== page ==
Parkinson’s study shows that ear stimulation can alleviate symptoms

According to a study published in the journal Parkinsonism and Related Disorders, appropriately stimulating the ear can help to counteract or manage Parkinson’s symptoms.

The research, conducted by the University of Kent, was based on experiments performed using a particular portable headset manufactured by Scion Neurostim, a US company. This headset has been used by patients to perform stimulation therapy at home. The same patients continued normal dopamine therapy even during this special therapy.

The 46 participants in the Parkinson’s disease experiment, according to the researchers, reported having had benefits as a result of daily stimulations, performed twice a day for two months. First of all, they referred to greater freedom of movement and mobility in general. They also showed improvements in decision-making, attention, mood, sleep and memory.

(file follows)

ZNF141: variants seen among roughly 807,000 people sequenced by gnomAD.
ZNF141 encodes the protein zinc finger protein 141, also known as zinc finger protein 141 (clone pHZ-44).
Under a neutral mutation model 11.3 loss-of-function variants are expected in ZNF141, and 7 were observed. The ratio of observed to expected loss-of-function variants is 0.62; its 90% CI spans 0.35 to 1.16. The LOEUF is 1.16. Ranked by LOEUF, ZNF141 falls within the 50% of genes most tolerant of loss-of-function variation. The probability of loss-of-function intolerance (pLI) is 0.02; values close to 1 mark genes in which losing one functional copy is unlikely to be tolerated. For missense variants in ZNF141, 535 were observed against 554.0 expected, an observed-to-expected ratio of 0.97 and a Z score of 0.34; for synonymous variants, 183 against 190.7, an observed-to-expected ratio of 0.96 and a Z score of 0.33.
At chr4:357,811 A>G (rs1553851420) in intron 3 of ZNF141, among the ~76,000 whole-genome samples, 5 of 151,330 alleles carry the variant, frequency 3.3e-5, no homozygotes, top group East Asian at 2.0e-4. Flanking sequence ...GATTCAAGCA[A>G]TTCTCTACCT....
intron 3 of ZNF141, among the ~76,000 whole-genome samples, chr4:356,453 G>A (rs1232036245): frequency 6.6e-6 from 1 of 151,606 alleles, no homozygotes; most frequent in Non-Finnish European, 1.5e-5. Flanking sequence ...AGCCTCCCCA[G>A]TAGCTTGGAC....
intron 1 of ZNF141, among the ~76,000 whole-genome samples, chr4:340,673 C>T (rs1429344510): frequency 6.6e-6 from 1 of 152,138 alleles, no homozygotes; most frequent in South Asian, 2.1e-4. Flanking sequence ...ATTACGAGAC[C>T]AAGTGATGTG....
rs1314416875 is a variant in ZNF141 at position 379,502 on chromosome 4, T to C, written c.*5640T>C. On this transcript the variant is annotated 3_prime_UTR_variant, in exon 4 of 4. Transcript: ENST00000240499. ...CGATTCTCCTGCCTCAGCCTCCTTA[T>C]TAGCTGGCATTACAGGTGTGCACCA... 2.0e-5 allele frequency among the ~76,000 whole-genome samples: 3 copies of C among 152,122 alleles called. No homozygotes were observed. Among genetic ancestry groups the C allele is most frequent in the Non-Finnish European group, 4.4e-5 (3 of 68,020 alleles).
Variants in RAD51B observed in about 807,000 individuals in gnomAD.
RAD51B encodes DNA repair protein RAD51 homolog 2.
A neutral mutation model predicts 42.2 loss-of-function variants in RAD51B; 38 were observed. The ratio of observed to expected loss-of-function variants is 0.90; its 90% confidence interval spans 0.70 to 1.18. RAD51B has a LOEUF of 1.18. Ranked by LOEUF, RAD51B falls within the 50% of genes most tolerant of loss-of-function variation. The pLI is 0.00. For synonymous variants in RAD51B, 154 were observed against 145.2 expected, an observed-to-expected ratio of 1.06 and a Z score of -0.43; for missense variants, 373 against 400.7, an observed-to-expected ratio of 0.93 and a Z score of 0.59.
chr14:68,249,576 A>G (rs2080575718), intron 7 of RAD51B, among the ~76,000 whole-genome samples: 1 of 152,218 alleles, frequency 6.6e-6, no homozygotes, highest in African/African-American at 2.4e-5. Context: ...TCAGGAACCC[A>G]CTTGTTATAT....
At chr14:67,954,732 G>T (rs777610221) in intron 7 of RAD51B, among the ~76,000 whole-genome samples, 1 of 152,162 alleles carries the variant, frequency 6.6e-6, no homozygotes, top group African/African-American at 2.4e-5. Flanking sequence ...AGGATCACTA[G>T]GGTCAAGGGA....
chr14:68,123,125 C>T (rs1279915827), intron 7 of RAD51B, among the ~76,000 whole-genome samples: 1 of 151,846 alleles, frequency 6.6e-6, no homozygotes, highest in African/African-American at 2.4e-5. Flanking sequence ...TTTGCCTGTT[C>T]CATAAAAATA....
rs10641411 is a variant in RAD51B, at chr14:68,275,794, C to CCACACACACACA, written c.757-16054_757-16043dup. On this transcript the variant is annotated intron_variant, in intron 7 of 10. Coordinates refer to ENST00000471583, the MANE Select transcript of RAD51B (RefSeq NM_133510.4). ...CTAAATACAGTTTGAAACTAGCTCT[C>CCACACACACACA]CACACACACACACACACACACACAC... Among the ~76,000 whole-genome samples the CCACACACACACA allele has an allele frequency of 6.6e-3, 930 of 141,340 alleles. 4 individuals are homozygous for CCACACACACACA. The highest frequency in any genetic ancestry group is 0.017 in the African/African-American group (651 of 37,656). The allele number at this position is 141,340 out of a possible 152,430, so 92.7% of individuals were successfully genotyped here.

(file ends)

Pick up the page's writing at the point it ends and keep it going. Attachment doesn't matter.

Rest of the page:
According to David Wilkinson, professor at the dark psychology of Kent and lead author of the study, this research shows that the symptoms of Parkinson’s disease can be partially counteracted by adding to the pharmacological level traditional therapy a delicate stimulation of the organs of balance, essentially a non-invasive nerve stimulation of the ear.

“I am intrigued and I want to see where this technology could go,” says Ray Chaudhuri, a researcher at King’s College Hospital, suggesting that more far-reaching experiments with more patients are likely to be done in the future.

Steven Cooper

I was a humanities major at Strayer University before switching to mechanical engineering, graduating in 2017 and since entering an internship and full-time employment. I have always loved reading science magazines including New Scientist, Scientific American and All About Space, and consider myself fairly well educated on a range of fields. It was therefore a natural choice for me to join Capstory News as a volunteer contributor and editor.

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Steven Cooper